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A History of Jordan by Philip Robins
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A History of Jordan

by Philip Robins

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Amazon.com Product Description (ISBN 0521598958, Paperback)

Philip Robins' survey of Jordan's political history begins in the early 1920s, continues through the years of the British Mandate, and traces events over the next half century to the present day. Throughout the period, the country's fortunes were closely identified with its head of state, King Hussein, until his death in 1999. In the early days, as the author testifies, the king's prospects were often regarded as grim. However, both King and country survived a variety of existential challenges, from assassination attempts and internal subversion, to a civil war with the Palestine Liberation Organisation and, in the 1970s and 1980s, Jordan emerged as an apparently stable and prosperous state. However, King Hussein's death, the succession of his son, Abdullah II, and recent political upheavals have plunged the country back into uncertainty. This is an incisive account, compellingly told, about one of the leading players in the Middle East. Philip Robins is University Lecturer in Politics with special reference to the Middle East in the Department of Politics and International Relations at the University of Oxford. His most recent book is Suits and Uniforms: Turkish Foreign Policy since the Cold War (2003).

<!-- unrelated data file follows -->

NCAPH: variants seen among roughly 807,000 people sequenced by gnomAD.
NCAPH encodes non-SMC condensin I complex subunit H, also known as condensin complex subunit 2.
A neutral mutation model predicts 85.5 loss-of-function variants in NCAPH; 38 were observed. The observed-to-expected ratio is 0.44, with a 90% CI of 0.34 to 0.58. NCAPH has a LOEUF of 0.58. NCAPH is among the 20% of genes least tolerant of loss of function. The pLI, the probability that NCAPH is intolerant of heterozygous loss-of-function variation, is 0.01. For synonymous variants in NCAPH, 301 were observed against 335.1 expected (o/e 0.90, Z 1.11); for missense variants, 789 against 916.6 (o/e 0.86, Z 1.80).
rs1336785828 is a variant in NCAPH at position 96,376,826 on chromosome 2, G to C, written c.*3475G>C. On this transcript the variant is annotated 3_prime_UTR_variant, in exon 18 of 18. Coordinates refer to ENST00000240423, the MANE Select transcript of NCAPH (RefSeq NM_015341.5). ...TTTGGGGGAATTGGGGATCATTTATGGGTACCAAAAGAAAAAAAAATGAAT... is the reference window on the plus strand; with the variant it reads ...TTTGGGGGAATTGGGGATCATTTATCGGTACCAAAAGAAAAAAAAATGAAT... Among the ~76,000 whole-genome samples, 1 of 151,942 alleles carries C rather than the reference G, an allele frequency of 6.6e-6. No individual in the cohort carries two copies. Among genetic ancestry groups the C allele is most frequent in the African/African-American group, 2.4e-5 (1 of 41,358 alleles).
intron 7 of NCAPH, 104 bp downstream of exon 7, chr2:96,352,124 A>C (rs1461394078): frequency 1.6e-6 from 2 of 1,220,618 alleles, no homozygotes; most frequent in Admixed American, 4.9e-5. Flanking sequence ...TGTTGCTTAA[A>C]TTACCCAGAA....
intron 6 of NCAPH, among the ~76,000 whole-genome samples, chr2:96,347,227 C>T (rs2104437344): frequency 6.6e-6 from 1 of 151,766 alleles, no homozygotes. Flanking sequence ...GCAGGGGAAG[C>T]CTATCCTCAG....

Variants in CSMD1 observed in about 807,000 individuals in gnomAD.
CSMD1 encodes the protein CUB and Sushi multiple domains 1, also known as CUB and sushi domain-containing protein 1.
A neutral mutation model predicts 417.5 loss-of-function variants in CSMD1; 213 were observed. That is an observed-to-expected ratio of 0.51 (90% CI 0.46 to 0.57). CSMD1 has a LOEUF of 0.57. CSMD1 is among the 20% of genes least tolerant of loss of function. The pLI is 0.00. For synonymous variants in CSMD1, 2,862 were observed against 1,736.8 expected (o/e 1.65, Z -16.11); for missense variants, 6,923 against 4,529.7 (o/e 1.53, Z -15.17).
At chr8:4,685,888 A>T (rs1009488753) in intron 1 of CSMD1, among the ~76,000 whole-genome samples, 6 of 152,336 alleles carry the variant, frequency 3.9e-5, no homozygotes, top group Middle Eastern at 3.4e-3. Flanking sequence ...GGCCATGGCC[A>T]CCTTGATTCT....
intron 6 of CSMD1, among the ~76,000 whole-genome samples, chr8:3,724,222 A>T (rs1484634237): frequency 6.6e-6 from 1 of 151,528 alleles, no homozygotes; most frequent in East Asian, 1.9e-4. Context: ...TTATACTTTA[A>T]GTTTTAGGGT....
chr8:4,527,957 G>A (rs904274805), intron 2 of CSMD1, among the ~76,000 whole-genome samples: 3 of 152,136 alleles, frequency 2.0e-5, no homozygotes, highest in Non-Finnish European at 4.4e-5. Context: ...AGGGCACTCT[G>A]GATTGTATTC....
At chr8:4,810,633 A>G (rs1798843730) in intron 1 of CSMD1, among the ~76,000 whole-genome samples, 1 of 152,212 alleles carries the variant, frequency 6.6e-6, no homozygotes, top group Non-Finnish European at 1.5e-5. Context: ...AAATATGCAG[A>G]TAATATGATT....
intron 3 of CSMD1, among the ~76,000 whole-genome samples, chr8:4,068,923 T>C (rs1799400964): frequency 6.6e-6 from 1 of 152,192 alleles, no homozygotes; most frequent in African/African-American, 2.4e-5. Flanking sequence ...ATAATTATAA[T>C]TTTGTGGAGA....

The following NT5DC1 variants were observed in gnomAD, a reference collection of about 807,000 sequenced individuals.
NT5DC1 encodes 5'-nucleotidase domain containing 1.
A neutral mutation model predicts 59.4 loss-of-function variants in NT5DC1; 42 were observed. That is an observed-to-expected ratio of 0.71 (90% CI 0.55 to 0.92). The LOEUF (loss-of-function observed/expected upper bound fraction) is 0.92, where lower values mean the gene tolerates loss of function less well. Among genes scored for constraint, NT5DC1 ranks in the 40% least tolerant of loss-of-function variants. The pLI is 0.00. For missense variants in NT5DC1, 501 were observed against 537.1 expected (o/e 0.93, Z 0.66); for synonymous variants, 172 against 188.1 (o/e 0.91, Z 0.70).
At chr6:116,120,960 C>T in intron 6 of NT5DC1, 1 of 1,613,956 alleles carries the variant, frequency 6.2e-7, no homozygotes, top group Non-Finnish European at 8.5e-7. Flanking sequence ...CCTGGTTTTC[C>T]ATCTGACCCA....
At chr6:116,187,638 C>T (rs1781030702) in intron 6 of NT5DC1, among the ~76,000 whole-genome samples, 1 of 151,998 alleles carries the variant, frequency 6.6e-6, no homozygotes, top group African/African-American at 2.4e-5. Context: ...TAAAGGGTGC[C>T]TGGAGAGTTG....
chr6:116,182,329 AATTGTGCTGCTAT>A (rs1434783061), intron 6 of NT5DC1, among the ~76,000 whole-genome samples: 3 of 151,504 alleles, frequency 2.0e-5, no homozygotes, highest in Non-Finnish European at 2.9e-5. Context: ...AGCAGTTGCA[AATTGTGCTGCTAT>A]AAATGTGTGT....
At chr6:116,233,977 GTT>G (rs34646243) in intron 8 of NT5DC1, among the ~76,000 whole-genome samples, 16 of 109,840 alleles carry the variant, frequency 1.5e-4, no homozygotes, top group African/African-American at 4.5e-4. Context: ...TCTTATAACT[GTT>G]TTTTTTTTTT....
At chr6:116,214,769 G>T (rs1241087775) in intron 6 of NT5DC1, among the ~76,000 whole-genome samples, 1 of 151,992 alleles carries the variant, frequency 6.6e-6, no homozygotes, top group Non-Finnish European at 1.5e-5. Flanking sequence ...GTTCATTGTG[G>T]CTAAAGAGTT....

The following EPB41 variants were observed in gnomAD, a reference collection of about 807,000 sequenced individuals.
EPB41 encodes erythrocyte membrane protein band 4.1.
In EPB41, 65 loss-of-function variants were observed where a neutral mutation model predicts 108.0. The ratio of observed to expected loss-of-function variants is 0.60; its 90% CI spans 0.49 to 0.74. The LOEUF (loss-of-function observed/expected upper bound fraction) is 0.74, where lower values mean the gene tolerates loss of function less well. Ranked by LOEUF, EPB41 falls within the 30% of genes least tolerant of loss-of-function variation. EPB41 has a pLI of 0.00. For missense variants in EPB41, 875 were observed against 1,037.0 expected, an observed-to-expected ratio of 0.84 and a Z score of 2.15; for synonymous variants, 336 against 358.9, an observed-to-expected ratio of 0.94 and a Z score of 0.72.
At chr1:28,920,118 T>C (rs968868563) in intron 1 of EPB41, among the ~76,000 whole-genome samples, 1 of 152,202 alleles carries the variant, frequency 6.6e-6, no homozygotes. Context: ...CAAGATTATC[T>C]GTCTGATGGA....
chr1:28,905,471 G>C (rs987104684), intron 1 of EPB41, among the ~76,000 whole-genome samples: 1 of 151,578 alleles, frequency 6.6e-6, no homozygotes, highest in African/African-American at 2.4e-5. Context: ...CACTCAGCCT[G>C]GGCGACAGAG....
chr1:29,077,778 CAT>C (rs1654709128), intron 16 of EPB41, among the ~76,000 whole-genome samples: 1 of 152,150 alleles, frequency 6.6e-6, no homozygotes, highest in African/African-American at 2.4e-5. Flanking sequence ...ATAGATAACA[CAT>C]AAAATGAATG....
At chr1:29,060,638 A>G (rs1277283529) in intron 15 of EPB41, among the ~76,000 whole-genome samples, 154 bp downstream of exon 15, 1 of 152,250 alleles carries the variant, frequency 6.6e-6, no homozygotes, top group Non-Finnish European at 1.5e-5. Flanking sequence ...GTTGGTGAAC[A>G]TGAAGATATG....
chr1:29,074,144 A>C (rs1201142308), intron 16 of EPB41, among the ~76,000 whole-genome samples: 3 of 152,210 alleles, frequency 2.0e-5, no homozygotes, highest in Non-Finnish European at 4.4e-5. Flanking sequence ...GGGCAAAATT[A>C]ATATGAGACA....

(retrieved from Amazon Thu, 12 Mar 2015 18:05:47 -0400)

"Though a small state, Jordan has frequently found itself at the centre of conflict and crisis in the modern Middle East. It has been a central protagonist in the wars of the region, notably the 1948 and 1967 Arab-Israeli wars, and has also been at the forefront of peace-making, signing a separate peace with Israel in 1994. Philip Robins' survey of Jordan's political history begins in the early 1920s, continues through the years of the British mandate, and traces events over the next half century to the present day. Throughout the latter period the country's fortunes were closely identified with its head of state, King Hussein, until his death in 1999. In the early days, as the author testifies, his prospects were often regarded as grim. However, both King and country survived a variety of existential challenges, from assassination attempts and internal subversion to a civil war with the Palestine Liberation Organisation. In the 1970s and 1980s the country emerged as an apparently stable and prosperous state. However, King Hussein's death, the succession of his son, Abdullah II, and the recent upheavals in the region have plunged the country back into uncertainty. This is an incisive account, compellingly told, about one of the most important countries in the Middle East."--BOOK JACKET.… (more)

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